Sure, Hillary ‘won’ the debate, but does it matter?


To most people who know anything about debating, or about national and international issues, or about the presidency, Hillary Clinton pretty much cleaned Donald Trump’s clock last night.

She was serious, focused, informed, composed, presidential. He was thin-skinned, blustery, illogical, inarticulate, uninformed — the usual.

But does it matter? Does it make a difference? In 2016, that is the operative question.

I’ve had several conversations with folks this morning, and everyone has more or less agreed with this assessment. But I tend to speak to well-informed people.

I keep thinking about the first Kennedy-Nixon debate in 1960. Debate experts said Nixon won. So did most people who heard it over the radio. But those who saw it on TV said Kennedy won. And that was the new factor that the professionals, the experts, didn’t take into consideration.

Today, the new factor is that a significant portion of the electorate has gone stark, raving mad.

A debate like what we saw last night would have been inconceivable in 1960. Regardless of whether you think Nixon or Kennedy won, both of them did an excellent job by any informed standard. It would have been completely impossible for someone like Donald Trump to be on that stage. (Some would say it would be impossible for someone like Hillary to be there, but such people are looking at the superficiality of gender. The fact is with regard to factors that matter, she fits comfortably into the Nixon-Kennedy set of candidates.)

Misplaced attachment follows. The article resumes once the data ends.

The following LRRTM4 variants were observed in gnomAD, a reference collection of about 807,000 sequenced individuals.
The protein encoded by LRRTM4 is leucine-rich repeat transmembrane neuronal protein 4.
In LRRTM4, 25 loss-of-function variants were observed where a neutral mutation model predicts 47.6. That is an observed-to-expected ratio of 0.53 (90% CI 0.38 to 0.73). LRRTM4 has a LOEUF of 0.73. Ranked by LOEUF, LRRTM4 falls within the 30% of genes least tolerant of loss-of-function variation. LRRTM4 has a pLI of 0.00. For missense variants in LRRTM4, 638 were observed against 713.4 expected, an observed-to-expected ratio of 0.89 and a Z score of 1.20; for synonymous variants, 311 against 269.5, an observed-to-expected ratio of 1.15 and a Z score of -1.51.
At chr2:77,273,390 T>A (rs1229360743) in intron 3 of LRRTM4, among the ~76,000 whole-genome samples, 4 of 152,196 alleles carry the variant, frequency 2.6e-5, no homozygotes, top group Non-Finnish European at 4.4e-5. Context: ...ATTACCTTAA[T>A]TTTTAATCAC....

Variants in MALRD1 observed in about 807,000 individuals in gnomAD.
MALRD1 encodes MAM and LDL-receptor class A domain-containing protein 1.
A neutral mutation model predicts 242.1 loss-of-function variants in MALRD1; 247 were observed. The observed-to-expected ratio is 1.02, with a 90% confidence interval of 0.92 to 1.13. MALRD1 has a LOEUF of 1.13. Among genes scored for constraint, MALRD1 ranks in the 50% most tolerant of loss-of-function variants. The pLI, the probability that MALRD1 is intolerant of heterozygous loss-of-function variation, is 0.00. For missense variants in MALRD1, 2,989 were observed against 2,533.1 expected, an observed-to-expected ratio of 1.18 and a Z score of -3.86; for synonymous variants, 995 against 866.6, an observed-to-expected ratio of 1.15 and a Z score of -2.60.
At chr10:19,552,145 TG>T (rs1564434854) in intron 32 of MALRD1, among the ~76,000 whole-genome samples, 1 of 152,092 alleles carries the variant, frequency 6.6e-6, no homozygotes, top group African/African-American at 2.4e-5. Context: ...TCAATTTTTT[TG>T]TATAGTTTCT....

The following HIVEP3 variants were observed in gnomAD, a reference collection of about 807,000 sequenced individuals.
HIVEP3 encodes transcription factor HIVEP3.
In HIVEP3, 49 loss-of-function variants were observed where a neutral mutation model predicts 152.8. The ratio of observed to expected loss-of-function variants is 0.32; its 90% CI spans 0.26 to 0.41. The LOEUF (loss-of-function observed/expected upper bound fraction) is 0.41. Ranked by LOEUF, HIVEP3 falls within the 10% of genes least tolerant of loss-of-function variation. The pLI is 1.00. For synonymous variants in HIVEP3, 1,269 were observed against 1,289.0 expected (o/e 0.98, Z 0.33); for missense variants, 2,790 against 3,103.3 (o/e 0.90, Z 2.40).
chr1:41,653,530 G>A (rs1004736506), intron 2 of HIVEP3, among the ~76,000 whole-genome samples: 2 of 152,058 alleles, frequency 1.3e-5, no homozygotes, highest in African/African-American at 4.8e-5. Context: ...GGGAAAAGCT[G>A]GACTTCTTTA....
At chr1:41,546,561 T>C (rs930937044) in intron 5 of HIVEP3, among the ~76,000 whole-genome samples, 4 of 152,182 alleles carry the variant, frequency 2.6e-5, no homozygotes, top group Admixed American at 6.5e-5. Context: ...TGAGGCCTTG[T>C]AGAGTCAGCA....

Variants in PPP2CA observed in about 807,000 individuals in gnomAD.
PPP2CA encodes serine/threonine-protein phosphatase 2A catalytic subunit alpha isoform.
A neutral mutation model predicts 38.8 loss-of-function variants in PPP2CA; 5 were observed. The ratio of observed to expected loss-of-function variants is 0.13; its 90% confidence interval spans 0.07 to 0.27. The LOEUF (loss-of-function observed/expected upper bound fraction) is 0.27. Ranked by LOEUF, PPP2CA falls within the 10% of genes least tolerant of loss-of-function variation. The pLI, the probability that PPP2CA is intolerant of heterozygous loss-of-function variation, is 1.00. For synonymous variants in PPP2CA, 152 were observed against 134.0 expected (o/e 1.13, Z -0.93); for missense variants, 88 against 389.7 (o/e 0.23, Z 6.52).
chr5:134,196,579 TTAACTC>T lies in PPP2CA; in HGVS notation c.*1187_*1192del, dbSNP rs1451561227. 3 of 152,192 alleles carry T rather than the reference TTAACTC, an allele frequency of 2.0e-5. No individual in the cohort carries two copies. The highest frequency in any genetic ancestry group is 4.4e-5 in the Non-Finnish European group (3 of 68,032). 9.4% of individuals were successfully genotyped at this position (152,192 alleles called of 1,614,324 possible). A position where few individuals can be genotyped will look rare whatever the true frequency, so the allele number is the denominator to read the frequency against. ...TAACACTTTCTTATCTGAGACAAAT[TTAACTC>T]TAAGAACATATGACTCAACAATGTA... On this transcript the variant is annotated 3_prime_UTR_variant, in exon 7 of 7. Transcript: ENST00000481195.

No one like Trump would be the Republican nominee. No one like Trump would have made any kind of showing in the primaries. Anyone as blustery and undisciplined as Trump would have been lucky to have been allowed to sit in the audience and watch.

So the difference between him and Hillary Clinton last night is far, far starker than the minimal contrast between Nixon and Kennedy. It’s not a contest between two qualified candidates. It’s between a qualified candidate and a nightmare.

But our politics are so messed up today, the electorate’s Kardashian-numbed sensibilities so accepting of the unacceptable, that the fact that she beat him like a drum last night — in the eyes of the knowledgeable, the thoughtful — may be as irrelevant as Nixon beating Kennedy on points. More so.

Trump’s support is such an illogical phenomenon that one cannot logically predict the effect of the debate.

And that’s yet another very, very disturbing thing about this election…


31 thoughts on “Sure, Hillary ‘won’ the debate, but does it matter?

  1. Brad Warthen Post author

    Oh, and if you want to see my thoughts on specifics from the debate, go back and look at my 43 Tweets and reTweets from real time last night.

    A couple or three samples that got a lot of likes and reTweets:

  2. Lynn Teague

    I have a very poor history of assessing how others will evaluate presidntial debates.